I’ve wanted to make this for such a long time, and I have finally gotten around to it.
All in all, it’s fairly easy to make, with only a limited number of ingredients that are really inexpensive.
Here’s the thing, though: the result was a little disappointing. The gnocchi nuggets were good, but not very intensely flavored. Making them again, I’d be tempted to throw the spice packets that came with the ramen into this recipe, but I guess that isn’t in the spirit of what these are. My version did not use the gemolata butter for finishing. Instead, I went with more butter in the finishing/browning stage, along with some chopped bacon and parsley.
If you make these—and I recommend that you do—note that the finishing step of frying the boiled gnocchi in butter must be done over medium heat, at the highest. If you keep the heat low, it will take some time for the gnocchi to brown, but it will be a nice and even browning.
What you’ll need:
- 2 cups milk
- 2 packages instant ramen (keep the seasoning packets for fried rice or something)
- 4 egg yolks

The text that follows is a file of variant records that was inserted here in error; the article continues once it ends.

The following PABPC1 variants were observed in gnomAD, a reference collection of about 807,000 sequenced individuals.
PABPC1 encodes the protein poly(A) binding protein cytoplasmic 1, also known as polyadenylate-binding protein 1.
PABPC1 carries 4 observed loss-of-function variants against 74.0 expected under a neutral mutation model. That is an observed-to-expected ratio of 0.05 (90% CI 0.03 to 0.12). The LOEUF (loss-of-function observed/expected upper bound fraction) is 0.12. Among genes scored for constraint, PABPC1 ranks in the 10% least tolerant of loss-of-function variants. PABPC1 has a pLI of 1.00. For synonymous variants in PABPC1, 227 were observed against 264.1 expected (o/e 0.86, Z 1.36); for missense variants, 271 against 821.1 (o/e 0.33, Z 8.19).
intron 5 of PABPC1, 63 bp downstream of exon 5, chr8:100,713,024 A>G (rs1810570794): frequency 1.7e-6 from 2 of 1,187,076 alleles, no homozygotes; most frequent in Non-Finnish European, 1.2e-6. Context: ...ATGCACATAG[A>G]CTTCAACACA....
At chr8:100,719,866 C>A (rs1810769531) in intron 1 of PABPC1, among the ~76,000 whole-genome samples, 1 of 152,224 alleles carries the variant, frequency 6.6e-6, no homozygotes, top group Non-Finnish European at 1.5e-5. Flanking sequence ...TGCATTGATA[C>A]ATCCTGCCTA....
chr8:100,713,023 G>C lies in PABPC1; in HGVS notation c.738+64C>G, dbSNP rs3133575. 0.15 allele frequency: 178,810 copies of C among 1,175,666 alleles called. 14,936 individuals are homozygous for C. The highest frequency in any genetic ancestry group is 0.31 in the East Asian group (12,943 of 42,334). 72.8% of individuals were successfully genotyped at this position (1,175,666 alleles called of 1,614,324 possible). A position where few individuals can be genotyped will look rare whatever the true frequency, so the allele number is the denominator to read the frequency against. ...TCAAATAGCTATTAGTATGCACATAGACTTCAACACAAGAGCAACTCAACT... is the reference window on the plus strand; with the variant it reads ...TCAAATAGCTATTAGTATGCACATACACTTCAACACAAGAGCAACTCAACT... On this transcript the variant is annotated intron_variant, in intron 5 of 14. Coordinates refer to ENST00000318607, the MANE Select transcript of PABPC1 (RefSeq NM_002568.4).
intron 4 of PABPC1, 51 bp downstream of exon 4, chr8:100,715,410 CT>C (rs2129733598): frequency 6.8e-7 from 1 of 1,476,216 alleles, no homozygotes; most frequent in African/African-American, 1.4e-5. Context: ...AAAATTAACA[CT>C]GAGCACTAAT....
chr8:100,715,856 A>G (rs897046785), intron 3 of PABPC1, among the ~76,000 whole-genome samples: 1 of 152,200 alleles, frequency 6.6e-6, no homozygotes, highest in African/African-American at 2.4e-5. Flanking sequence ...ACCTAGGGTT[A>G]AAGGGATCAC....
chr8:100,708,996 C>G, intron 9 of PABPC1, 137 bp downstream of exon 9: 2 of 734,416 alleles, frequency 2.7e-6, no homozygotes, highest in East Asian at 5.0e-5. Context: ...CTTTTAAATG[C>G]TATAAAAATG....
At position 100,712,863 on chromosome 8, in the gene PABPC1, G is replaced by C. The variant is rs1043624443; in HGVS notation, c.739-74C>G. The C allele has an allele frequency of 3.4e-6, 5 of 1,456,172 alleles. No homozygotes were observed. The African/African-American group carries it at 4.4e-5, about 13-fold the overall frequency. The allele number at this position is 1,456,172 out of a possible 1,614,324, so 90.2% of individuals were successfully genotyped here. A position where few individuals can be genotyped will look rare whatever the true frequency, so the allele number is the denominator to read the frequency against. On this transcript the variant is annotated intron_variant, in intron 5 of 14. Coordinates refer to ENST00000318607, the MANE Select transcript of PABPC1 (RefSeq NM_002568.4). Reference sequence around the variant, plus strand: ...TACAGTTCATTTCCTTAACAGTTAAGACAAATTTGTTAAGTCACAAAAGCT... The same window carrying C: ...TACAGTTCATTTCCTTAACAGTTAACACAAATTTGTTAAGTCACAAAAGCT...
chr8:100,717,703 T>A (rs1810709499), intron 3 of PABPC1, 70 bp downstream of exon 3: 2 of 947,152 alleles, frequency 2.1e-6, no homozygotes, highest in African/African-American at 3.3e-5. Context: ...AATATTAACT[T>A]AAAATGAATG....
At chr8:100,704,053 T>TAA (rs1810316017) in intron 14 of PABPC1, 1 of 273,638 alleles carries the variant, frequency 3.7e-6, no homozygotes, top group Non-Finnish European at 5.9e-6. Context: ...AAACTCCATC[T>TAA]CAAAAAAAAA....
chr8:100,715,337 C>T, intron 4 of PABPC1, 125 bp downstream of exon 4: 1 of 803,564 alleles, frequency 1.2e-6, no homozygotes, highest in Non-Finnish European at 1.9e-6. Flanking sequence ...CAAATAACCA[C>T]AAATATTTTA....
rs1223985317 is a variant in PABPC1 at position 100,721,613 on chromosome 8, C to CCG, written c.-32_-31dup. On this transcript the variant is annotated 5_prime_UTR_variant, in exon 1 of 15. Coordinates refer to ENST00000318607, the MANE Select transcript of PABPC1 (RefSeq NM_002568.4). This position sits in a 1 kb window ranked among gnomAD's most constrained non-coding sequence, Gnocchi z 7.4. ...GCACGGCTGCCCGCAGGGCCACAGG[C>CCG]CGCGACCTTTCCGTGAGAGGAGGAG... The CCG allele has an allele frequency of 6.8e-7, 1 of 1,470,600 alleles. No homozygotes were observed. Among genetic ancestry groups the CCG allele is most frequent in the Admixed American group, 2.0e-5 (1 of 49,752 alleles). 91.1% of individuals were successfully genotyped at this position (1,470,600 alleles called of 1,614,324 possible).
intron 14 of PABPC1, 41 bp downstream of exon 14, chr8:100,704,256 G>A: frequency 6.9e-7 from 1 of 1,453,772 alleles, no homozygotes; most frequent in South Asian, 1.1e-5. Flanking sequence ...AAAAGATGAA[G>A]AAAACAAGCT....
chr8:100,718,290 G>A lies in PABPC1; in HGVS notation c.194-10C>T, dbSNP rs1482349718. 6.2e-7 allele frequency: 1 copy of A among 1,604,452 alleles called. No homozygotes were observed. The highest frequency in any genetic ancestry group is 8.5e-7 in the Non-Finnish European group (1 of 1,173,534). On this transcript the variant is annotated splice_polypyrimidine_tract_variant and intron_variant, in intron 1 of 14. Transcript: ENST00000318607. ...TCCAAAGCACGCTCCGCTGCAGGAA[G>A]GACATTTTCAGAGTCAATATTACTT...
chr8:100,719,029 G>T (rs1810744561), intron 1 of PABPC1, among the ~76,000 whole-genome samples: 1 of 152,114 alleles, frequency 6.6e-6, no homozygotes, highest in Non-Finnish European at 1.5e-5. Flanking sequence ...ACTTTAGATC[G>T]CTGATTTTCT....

- 2-4T butter
- lemon juice
- grated parmesan cheese
- 2 tablespoons gremolata butter
What to do:
Bring the milk to a boil in a small saucepan and remove from heat immediately upon boiling. Break up the ramen noodles and add them to the milk. Let them sit and soften in the milk for about 1 minute. They will still be mostly firm.
Strain the noodles, reserving the milk. Then combine the noodles and a cup of the reserved milk in a blender and purée for 30 seconds or so. I used an immersion blender for this step. Add the egg yolks and continue blending until the mixture is the consistency of loose toothpaste.
Transfer the batter to a pastry bag (or two) fitted with a half-inch wide tip and refrigerate for about the time it takes to bring a big pot of water to a rolling boil. Lightly grease a rimmed baking sheet, which is where the gnocchi will temporarily reside after boiling.
It’s best to do this next step in batches. To cook the gnocchi, pipe the dough out directly into the boiling water, using a butter knife to cut one-inch logs as dough comes out of the bag. Cooking will take about a minute, and you’ll know the gnocchi’s done when it floats to the surface. Scoop the cooked gnocchi out of the water with a slotted spoon and gently put them on the greased baking pan. At this point, they can be refrigerated for later use within a day or two.
To finish, heat up a tablespoon or two of butter in a sauté pan over low-medium heat and gently brown the gnocchi in batches. This can take between 4 and 10 minutes, depending on the stove heat.
Add butter between browning the batches. No one said this was going to be a healthy dish!
Finish with a squirt of lemon juice, gremolata butter, crumbled bacon or grated parmesan cheese, or any combination of the four.